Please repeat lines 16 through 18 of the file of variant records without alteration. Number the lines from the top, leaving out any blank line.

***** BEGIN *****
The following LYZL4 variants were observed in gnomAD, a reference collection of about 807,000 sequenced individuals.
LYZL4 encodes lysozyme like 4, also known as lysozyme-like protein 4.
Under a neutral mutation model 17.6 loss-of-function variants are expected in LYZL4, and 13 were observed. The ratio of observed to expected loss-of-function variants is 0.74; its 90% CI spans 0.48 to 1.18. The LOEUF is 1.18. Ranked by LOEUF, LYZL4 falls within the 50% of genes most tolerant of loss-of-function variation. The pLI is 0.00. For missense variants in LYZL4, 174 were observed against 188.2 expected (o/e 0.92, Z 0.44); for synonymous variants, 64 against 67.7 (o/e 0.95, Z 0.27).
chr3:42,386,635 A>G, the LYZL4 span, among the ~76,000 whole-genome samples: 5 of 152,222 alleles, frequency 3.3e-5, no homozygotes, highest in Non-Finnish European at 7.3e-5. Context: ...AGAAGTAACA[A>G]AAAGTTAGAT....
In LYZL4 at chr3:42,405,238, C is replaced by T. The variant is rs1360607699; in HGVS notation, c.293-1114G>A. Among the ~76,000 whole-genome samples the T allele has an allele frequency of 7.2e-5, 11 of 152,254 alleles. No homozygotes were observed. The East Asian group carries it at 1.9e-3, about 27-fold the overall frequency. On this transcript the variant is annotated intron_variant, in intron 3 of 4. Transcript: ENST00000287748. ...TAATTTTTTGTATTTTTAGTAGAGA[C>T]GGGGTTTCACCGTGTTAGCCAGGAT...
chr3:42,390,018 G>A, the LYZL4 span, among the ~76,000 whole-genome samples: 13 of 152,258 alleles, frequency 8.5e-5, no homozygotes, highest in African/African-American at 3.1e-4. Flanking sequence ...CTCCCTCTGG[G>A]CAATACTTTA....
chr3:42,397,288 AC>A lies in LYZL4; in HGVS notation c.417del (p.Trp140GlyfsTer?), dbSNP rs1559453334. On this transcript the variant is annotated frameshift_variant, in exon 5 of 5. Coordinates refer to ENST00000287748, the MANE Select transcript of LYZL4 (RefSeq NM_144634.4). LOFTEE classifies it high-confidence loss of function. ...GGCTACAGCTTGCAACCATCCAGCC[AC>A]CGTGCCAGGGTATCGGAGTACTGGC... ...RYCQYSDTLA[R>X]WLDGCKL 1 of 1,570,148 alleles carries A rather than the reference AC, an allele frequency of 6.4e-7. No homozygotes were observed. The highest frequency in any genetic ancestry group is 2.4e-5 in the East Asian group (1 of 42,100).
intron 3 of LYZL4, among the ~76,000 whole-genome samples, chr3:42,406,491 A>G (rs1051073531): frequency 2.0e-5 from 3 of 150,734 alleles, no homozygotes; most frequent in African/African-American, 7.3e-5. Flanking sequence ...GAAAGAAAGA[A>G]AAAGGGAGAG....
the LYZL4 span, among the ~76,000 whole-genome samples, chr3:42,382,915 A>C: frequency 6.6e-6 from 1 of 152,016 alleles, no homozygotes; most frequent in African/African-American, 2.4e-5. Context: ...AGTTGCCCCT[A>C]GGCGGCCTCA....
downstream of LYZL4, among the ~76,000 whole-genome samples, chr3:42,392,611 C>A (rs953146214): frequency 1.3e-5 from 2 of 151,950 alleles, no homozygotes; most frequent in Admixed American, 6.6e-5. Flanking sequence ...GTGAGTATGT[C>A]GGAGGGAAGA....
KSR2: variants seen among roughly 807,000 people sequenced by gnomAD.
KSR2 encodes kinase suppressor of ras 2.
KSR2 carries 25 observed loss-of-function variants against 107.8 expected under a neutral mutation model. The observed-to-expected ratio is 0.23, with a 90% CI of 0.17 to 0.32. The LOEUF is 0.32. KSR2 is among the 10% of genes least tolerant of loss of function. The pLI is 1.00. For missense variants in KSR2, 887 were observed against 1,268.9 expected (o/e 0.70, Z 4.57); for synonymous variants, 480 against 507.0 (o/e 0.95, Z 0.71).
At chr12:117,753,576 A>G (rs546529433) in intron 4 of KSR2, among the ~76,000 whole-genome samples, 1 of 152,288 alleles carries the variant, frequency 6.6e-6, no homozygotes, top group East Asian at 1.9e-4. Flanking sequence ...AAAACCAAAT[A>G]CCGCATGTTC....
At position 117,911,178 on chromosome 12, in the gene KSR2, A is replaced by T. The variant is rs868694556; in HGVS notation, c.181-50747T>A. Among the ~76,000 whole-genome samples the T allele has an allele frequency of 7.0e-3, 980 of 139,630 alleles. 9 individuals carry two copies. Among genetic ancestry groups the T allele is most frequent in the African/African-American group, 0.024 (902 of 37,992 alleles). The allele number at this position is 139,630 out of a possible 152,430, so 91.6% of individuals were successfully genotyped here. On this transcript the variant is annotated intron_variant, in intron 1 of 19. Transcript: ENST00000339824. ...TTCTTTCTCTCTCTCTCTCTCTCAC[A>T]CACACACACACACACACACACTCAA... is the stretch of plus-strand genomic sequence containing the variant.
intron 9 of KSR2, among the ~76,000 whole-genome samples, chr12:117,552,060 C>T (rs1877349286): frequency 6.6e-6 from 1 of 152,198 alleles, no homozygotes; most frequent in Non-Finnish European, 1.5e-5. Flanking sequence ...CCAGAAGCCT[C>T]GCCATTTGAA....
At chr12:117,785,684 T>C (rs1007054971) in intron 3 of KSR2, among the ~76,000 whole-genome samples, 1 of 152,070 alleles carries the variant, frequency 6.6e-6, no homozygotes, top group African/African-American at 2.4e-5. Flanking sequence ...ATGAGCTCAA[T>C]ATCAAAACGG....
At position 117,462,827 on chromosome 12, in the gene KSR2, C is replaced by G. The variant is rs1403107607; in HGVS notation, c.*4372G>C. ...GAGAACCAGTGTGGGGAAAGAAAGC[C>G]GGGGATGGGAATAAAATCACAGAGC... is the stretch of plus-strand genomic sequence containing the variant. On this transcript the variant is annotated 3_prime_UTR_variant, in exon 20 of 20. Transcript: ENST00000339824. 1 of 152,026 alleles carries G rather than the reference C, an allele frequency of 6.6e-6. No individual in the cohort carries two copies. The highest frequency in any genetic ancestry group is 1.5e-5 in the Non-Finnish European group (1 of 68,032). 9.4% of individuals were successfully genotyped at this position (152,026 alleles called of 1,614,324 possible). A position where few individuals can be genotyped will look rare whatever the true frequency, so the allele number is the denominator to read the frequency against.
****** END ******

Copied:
intron 9 of KSR2, among the ~76,000 whole-genome samples, chr12:117,552,060 C>T (rs1877349286): frequency 6.6e-6 from 1 of 152,198 alleles, no homozygotes; most frequent in Non-Finnish European, 1.5e-5. Flanking sequence ...CCAGAAGCCT[C>T]GCCATTTGAA....
At chr12:117,785,684 T>C (rs1007054971) in intron 3 of KSR2, among the ~76,000 whole-genome samples, 1 of 152,070 alleles carries the variant, frequency 6.6e-6, no homozygotes, top group African/African-American at 2.4e-5. Flanking sequence ...ATGAGCTCAA[T>C]ATCAAAACGG....
At position 117,462,827 on chromosome 12, in the gene KSR2, C is replaced by G. The variant is rs1403107607; in HGVS notation, c.*4372G>C. ...GAGAACCAGTGTGGGGAAAGAAAGC[C>G]GGGGATGGGAATAAAATCACAGAGC... is the stretch of plus-strand genomic sequence containing the variant. On this transcript the variant is annotated 3_prime_UTR_variant, in exon 20 of 20. Transcript: ENST00000339824. 1 of 152,026 alleles carries G rather than the reference C, an allele frequency of 6.6e-6. No individual in the cohort carries two copies. The highest frequency in any genetic ancestry group is 1.5e-5 in the Non-Finnish European group (1 of 68,032). 9.4% of individuals were successfully genotyped at this position (152,026 alleles called of 1,614,324 possible). A position where few individuals can be genotyped will look rare whatever the true frequency, so the allele number is the denominator to read the frequency against.